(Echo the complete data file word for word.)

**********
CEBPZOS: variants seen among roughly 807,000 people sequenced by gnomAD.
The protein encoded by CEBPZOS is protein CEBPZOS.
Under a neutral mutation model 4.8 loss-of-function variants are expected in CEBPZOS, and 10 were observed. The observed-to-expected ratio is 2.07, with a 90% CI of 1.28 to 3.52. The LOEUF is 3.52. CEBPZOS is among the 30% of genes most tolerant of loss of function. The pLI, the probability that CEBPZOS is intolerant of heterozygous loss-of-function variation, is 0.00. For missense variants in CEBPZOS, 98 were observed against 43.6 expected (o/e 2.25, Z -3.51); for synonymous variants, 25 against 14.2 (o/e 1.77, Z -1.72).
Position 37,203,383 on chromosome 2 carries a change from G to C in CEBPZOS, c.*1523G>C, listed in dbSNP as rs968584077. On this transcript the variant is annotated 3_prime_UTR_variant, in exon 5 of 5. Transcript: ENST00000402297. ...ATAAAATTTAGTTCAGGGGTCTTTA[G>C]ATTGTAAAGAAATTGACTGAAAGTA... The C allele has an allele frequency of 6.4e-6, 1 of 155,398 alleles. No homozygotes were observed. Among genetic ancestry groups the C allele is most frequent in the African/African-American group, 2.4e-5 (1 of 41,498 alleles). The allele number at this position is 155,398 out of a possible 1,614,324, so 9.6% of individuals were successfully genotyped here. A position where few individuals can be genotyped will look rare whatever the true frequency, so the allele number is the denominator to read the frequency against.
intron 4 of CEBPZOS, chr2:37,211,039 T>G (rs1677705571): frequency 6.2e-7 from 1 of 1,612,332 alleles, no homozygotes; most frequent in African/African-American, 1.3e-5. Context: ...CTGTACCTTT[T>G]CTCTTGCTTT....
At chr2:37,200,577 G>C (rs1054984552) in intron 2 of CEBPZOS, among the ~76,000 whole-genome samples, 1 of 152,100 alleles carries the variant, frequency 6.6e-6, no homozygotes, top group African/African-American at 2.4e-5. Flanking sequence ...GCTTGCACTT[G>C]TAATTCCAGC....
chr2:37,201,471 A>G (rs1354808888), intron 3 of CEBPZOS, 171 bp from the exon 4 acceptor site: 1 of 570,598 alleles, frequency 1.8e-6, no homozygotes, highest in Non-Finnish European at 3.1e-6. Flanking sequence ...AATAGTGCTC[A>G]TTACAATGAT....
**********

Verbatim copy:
CEBPZOS: variants seen among roughly 807,000 people sequenced by gnomAD.
The protein encoded by CEBPZOS is protein CEBPZOS.
Under a neutral mutation model 4.8 loss-of-function variants are expected in CEBPZOS, and 10 were observed. The observed-to-expected ratio is 2.07, with a 90% CI of 1.28 to 3.52. The LOEUF is 3.52. CEBPZOS is among the 30% of genes most tolerant of loss of function. The pLI, the probability that CEBPZOS is intolerant of heterozygous loss-of-function variation, is 0.00. For missense variants in CEBPZOS, 98 were observed against 43.6 expected (o/e 2.25, Z -3.51); for synonymous variants, 25 against 14.2 (o/e 1.77, Z -1.72).
Position 37,203,383 on chromosome 2 carries a change from G to C in CEBPZOS, c.*1523G>C, listed in dbSNP as rs968584077. On this transcript the variant is annotated 3_prime_UTR_variant, in exon 5 of 5. Transcript: ENST00000402297. ...ATAAAATTTAGTTCAGGGGTCTTTA[G>C]ATTGTAAAGAAATTGACTGAAAGTA... The C allele has an allele frequency of 6.4e-6, 1 of 155,398 alleles. No homozygotes were observed. Among genetic ancestry groups the C allele is most frequent in the African/African-American group, 2.4e-5 (1 of 41,498 alleles). The allele number at this position is 155,398 out of a possible 1,614,324, so 9.6% of individuals were successfully genotyped here. A position where few individuals can be genotyped will look rare whatever the true frequency, so the allele number is the denominator to read the frequency against.
intron 4 of CEBPZOS, chr2:37,211,039 T>G (rs1677705571): frequency 6.2e-7 from 1 of 1,612,332 alleles, no homozygotes; most frequent in African/African-American, 1.3e-5. Context: ...CTGTACCTTT[T>G]CTCTTGCTTT....
At chr2:37,200,577 G>C (rs1054984552) in intron 2 of CEBPZOS, among the ~76,000 whole-genome samples, 1 of 152,100 alleles carries the variant, frequency 6.6e-6, no homozygotes, top group African/African-American at 2.4e-5. Flanking sequence ...GCTTGCACTT[G>C]TAATTCCAGC....
chr2:37,201,471 A>G (rs1354808888), intron 3 of CEBPZOS, 171 bp from the exon 4 acceptor site: 1 of 570,598 alleles, frequency 1.8e-6, no homozygotes, highest in Non-Finnish European at 3.1e-6. Flanking sequence ...AATAGTGCTC[A>G]TTACAATGAT....